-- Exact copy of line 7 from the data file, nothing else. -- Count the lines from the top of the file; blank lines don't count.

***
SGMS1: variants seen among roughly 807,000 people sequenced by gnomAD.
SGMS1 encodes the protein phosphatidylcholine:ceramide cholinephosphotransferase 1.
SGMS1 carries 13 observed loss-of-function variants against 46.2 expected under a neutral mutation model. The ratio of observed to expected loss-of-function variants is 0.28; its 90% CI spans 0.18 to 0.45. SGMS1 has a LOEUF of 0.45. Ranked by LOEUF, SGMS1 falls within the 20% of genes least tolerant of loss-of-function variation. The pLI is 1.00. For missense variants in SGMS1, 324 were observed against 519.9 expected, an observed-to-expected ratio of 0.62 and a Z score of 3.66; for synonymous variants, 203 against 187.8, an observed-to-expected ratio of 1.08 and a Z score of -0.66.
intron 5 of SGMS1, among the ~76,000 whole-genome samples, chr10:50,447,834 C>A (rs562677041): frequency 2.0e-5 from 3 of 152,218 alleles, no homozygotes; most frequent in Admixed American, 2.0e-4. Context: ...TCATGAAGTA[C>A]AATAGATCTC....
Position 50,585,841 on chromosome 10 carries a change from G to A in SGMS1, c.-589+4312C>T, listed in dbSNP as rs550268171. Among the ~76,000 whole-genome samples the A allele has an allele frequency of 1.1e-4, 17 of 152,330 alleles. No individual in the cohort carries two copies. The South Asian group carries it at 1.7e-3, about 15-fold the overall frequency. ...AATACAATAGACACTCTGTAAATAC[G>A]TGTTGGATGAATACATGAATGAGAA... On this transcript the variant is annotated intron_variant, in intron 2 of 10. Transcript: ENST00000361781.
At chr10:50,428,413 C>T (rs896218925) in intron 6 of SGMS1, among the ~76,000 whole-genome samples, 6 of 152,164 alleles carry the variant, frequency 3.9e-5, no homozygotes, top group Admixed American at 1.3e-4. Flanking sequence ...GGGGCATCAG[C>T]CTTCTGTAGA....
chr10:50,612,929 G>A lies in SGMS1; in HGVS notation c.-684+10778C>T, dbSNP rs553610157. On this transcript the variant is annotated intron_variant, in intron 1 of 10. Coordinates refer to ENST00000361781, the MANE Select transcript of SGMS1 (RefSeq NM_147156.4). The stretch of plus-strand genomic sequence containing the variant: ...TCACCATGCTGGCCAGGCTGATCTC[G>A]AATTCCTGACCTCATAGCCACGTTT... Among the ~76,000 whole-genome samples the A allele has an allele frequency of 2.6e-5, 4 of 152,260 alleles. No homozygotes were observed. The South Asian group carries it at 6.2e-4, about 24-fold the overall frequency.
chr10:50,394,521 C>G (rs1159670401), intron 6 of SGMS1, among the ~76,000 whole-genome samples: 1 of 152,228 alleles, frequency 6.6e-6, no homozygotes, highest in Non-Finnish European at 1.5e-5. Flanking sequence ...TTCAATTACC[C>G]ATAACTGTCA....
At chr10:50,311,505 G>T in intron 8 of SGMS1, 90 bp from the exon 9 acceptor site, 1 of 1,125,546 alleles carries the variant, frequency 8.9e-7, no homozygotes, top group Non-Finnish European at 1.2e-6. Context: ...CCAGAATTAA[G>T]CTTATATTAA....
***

chr10:50,612,929 G>A lies in SGMS1; in HGVS notation c.-684+10778C>T, dbSNP rs553610157. On this transcript the variant is annotated intron_variant, in intron 1 of 10. Coordinates refer to ENST00000361781, the MANE Select transcript of SGMS1 (RefSeq NM_147156.4). The stretch of plus-strand genomic sequence containing the variant: ...TCACCATGCTGGCCAGGCTGATCTC[G>A]AATTCCTGACCTCATAGCCACGTTT... Among the ~76,000 whole-genome samples the A allele has an allele frequency of 2.6e-5, 4 of 152,260 alleles. No homozygotes were observed. The South Asian group carries it at 6.2e-4, about 24-fold the overall frequency.